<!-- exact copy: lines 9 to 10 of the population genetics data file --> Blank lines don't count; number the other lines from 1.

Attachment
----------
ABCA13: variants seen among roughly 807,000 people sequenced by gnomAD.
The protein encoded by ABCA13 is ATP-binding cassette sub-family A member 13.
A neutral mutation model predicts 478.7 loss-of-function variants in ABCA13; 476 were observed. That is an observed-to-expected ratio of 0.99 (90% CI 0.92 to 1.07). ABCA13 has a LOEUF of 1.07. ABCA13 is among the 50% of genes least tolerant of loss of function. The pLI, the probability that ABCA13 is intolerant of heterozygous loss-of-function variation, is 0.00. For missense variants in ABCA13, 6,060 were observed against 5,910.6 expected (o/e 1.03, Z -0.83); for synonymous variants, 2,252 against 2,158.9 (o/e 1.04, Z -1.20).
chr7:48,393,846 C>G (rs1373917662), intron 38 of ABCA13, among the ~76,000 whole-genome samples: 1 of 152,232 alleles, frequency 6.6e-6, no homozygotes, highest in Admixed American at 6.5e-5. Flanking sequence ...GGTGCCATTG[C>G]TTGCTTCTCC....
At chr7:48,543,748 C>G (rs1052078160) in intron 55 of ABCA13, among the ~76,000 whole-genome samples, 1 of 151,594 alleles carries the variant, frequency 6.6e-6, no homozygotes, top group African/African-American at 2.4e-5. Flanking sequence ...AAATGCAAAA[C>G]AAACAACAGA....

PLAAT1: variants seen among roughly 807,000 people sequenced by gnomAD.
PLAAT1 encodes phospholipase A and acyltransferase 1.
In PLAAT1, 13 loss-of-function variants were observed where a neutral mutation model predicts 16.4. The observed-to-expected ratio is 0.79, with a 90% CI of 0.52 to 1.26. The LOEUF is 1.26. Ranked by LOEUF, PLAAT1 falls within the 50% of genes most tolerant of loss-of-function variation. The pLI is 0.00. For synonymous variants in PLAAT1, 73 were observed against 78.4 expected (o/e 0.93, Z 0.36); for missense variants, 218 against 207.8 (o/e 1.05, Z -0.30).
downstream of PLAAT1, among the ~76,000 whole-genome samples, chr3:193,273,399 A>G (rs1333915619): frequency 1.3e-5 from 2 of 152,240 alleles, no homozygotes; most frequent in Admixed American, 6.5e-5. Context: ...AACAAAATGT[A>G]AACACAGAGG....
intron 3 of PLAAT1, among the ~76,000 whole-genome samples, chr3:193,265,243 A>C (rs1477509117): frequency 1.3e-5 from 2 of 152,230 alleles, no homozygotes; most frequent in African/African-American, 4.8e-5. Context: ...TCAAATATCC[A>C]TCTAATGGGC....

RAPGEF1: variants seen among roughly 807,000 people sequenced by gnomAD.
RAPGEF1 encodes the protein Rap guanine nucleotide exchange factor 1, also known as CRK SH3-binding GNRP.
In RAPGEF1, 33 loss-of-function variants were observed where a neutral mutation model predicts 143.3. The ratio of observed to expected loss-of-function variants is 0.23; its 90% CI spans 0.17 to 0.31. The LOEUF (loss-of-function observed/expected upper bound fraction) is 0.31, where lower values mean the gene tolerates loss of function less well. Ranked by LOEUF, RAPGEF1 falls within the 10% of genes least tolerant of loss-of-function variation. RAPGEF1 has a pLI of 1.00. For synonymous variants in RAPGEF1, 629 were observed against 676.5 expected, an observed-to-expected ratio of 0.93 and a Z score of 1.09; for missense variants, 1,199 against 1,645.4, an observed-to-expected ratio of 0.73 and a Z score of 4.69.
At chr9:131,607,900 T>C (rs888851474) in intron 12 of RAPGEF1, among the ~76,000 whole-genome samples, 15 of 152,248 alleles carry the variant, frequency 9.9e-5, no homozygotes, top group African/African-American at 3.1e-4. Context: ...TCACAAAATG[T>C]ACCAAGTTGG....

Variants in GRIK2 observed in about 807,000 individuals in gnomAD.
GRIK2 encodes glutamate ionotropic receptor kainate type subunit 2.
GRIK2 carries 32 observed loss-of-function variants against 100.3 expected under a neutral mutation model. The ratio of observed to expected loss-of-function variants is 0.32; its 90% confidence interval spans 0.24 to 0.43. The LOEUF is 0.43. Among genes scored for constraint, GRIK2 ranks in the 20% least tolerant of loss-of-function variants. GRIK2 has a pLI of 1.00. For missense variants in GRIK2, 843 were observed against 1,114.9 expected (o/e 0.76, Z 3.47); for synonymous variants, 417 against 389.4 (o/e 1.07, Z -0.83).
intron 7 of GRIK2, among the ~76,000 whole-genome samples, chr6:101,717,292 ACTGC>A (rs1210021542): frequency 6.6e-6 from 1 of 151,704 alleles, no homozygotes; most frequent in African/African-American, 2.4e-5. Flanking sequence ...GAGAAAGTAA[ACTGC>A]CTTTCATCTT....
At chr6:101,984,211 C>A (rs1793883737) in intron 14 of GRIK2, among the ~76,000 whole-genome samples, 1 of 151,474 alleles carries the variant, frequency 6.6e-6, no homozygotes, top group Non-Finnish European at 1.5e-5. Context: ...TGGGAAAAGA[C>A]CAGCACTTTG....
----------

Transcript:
downstream of PLAAT1, among the ~76,000 whole-genome samples, chr3:193,273,399 A>G (rs1333915619): frequency 1.3e-5 from 2 of 152,240 alleles, no homozygotes; most frequent in Admixed American, 6.5e-5. Context: ...AACAAAATGT[A>G]AACACAGAGG....
intron 3 of PLAAT1, among the ~76,000 whole-genome samples, chr3:193,265,243 A>C (rs1477509117): frequency 1.3e-5 from 2 of 152,230 alleles, no homozygotes; most frequent in African/African-American, 4.8e-5. Context: ...TCAAATATCC[A>C]TCTAATGGGC....